> methods from A.
>
>
>> It is also wrong to call via the metaClass for A -  if A has foo
>> (int,  int, int) and B has foo(int, int, int) then b.foo(1, 2, 3)  
>> and (b as  A).foo(1,2,3)  should both call the foo on B. Calling  
>> via A's  MetaClass will not give that behaviour.
>> This leads me to believe that the MetaClass needs a getMetaClass  
>> (Class) method which returns a MetaClass with suitable behaviour  
>> for  this case.
>>
>
> hmmm... it would be enough to use that class as extrapoint in the  
> method selection. We could first select the methods by name as we  
> do now, then remove all methods which are not suitable for the  
> given class.

I'm not sure I have explained this correctly. Let me try an example:

class A {
     foo(int p) {println "foo(p) in A"}
     foo(long p, long q) { println "foo(p, q) in A"}
}

class B extends A  {
     foo(int p) {println "foo(p) in B"}
     foo(int p, int q) { println foo(p, q) in B"}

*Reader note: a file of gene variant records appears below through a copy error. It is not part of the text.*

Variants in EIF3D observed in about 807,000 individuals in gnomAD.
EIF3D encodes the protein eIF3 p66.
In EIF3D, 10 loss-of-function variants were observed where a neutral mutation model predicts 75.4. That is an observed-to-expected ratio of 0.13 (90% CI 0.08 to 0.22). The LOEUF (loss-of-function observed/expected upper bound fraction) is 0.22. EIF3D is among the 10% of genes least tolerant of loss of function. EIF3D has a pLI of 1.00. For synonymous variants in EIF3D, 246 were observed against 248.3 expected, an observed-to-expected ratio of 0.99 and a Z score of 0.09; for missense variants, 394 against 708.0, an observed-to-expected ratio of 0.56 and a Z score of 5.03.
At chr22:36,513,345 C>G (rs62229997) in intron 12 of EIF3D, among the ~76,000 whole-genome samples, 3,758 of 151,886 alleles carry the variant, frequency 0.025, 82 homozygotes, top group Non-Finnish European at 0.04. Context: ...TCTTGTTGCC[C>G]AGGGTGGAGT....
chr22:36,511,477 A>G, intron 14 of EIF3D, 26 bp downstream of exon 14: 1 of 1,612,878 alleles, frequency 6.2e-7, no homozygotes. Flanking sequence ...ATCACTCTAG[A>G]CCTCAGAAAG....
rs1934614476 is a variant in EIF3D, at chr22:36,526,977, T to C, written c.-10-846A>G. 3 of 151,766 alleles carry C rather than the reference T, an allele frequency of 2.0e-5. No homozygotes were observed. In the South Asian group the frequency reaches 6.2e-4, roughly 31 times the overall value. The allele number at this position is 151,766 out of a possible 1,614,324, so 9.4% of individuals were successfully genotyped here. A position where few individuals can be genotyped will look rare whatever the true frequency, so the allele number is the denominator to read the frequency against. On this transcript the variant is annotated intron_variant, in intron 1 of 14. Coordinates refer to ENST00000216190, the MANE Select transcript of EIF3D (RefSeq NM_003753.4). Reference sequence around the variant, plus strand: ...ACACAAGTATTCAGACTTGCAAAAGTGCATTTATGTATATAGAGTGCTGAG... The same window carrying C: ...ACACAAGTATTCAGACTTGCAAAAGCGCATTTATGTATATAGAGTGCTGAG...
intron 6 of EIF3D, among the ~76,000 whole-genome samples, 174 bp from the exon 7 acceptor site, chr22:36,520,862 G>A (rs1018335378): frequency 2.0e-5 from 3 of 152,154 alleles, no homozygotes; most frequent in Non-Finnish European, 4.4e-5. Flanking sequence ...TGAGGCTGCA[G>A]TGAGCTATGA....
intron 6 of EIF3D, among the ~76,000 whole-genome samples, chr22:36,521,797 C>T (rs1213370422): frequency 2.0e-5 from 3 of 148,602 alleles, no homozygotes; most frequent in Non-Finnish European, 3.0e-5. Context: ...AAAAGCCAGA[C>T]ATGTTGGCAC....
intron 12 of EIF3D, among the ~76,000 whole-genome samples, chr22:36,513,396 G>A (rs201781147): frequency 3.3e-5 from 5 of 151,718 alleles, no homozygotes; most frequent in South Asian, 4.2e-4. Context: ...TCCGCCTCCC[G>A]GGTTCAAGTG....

}


B b = new B()
A a = b

a.foo(1)         // should print "foo(p) in B"
a.foo(1, 2)     // should print "foo(p, q) in A"

b.foo(1)         // should print "foo(p) in B"
b.foo(1, 2)     // should print "foo(p, q) in B"

as B overrides foo(int) then this method is always called no matter  
what the type of the variable holding the object is.

B does not override foo(long, long) so when foo(1, 2) is called on  
via a variable of type A then the method defined in A is used. When  
it is called via a variable of type B then foo(int, int) is called  
because there is a closer match to the type of the actual parameters.

(This is the expected behaviour if we are following the Java rules.  
We already know that we can't always follow the Java rules for other  
things (like accessing private fields) so it may be acceptable for us  
to do this differently)


If we do want to deliver the behaviour above then we can't do it  
using our existing MetaClass implementation (at least, I can't see  
how to do it).

Do you agree that the above behaviour is the "correct" behaviour and,